FACE IT Club supports students with autism

Advanced creative visual arts student Alissa Raimondo designed the F.A.C.E. I.T. Clubs mascot, Erger the Asp.

Advanced creative visual arts student Alissa Raimondo designed the F.A.C.E. I.T. Clubs mascot, Erger the Asp.


They are Friends Accepting Challenges and Endeavoring to Improve Themselves (FACE IT).

For Sheridan students with Autism Spectrum Disorder (ASD) the FACE IT club is a safe place that feels like family.

“This is a good way to make friends. You don’t have to worry about being judged about anything,” said early childhood education student and FACE IT member Nicole Bezeau.

The club held an event April 2 in hopes of raising autism awareness.

“We’re hoping to shed some light on autism within the Sheridan community,” said student services faculty member Janice Galloway. “Today is about raising awareness and raising awareness of our group because a lot of students haven’t registered with a conseller or accessible learning. There isn’t a lot of education about autism.”

Galloway said Sheridan has the highest number of high functioning autistic students in Ontario.

In October 2012, Canada passed the World Autism Awareness Day (WAAD) bill, officially recognizing April 2 as WAAD. It aims to raise awareness of and support for autism knowledge and early diagnosis.

The F.ACE IT Club was started seven years ago by Sheridan student services councilor Tae Hwang. Galloway has been with the group for two years and said the club gives students diagnosed with Autism Spectrum Disorder (ASD) a safe place to be themselves.

The club’s members have been diagnosed with high functioning autism formally known as Asperger’s Syndrome. Based on severity levels, the Diagnostic Statistical Manual (DSM) now classifies all diagnoses under the umbrella term Autistic Spectrum Disorder (ASD).

“As of last year it’s not Aspergers its ‘high function autism’, but we were all diagnosed back when it was still considered Aspergers,” said Bezeau.

Bezeau, 20, wasn’t diagnosed with autism until her early teens.

“I was diagnosed with ADHD then it changed to a learning disability. I didn’t get diagnosed with [high functioning autism] until I was 14,” she said.

“It’s a neurological disability,” said third year advanced visual creative arts student Alissa Raimondo, 26.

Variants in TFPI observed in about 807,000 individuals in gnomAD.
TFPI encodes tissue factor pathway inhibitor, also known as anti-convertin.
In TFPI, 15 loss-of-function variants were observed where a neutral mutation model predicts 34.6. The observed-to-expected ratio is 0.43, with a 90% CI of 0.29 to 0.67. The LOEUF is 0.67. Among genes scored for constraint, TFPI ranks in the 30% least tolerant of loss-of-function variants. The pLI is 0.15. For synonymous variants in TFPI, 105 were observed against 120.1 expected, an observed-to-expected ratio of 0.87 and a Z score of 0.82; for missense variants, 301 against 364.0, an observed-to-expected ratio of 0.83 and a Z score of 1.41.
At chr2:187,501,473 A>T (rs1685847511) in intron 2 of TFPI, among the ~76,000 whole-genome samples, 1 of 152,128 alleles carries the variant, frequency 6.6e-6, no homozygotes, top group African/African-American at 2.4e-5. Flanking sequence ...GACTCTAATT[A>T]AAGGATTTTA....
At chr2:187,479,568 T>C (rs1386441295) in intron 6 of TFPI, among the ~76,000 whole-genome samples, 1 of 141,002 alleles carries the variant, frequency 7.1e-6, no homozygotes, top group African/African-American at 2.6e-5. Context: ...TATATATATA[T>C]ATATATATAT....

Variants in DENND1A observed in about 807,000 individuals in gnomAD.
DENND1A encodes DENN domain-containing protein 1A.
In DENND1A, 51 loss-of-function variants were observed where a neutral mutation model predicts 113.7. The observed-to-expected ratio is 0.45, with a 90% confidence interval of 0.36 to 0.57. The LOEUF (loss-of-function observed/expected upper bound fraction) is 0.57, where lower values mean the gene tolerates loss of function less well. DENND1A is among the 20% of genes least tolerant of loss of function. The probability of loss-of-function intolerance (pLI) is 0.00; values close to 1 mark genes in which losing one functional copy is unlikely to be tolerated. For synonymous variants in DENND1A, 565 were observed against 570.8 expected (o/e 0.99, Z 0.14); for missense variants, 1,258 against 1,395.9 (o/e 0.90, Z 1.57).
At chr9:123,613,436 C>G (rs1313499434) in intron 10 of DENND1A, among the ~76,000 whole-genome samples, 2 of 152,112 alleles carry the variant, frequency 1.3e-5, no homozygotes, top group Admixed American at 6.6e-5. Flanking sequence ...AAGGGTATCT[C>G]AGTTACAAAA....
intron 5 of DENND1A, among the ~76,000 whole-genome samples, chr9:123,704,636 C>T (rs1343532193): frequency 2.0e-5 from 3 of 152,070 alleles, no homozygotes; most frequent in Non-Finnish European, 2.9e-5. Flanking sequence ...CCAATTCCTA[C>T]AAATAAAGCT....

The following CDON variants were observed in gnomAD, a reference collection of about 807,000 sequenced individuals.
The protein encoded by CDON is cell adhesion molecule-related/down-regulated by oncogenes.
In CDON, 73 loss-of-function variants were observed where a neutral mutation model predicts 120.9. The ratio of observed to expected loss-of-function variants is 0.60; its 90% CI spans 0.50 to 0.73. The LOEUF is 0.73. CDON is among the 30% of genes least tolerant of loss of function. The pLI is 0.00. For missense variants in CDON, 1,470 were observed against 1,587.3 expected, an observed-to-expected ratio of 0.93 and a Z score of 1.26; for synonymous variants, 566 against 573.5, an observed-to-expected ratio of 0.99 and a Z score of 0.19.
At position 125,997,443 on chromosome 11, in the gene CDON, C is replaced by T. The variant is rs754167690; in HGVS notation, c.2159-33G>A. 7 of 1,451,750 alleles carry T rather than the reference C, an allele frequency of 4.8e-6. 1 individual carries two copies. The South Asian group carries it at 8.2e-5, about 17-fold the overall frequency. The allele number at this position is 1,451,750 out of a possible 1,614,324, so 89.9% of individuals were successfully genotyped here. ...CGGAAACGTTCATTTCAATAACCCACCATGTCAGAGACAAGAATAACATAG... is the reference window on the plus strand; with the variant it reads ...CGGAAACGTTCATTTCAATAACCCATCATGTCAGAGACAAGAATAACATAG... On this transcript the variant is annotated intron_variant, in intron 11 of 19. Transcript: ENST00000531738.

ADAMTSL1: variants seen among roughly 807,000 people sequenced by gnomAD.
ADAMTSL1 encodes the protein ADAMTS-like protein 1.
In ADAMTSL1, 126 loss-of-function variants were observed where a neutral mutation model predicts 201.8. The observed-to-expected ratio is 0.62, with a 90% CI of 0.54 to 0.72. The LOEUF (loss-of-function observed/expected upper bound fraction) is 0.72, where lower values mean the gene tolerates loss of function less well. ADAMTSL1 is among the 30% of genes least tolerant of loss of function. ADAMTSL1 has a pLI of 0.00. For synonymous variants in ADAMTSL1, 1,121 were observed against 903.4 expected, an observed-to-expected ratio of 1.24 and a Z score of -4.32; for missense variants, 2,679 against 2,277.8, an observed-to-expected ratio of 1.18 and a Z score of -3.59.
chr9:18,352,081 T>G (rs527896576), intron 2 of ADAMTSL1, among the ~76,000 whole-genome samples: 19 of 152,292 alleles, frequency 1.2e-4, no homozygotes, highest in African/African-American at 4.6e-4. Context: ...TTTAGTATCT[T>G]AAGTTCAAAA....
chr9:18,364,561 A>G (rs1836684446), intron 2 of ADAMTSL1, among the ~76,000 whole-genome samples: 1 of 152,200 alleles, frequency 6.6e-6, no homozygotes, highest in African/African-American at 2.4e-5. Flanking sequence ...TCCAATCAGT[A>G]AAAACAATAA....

She was diagnosed with HFA when she was 2 years old and understands the social and academic difficulties.

“In elementary school and high school I struggled a lot. I would have to ask for a lot of assistance. It’s very important to get the help you need.”

Raimondo and Bezeau agree that for students with ASD, FACE IT is a great place to meet new people. They’re a big family and the only requirement for the club membership is having ASD.

“Sometimes it’s very hard to make friends. We have outings and we talk about our problems and feelings. It’s very open,” said Raimondo.

The Autism Canada Foundation says the disorder affects a person’s communication skills and ability to interact in social situations and symptoms vary in severity.

“There’s high functioning autism which means you can still do a lot of things on your own,” said Raimondo. “You’re independent but there are still some tasks you have trouble understanding or need assistance with.”

“Low functioning is when you need constant supervision”, she said. “You need attendees to help you. There’s actually more [people with] high functioning than low functioning [autism].”

Common symptoms of high functioning autism are literal and logical thinking, difficulty understanding social cues, not being able to adjust to changes in routines and speech and language impairments.

“A lot of people have different symptoms and some are more severe than others,” said Raimondo. Sometimes you can’t understand the expression on people’s faces or you have difficulty expressing your own emotions and people think you’re cold or rude.”

“Just because we don’t have a normal life doesn’t mean we don’t have a life.”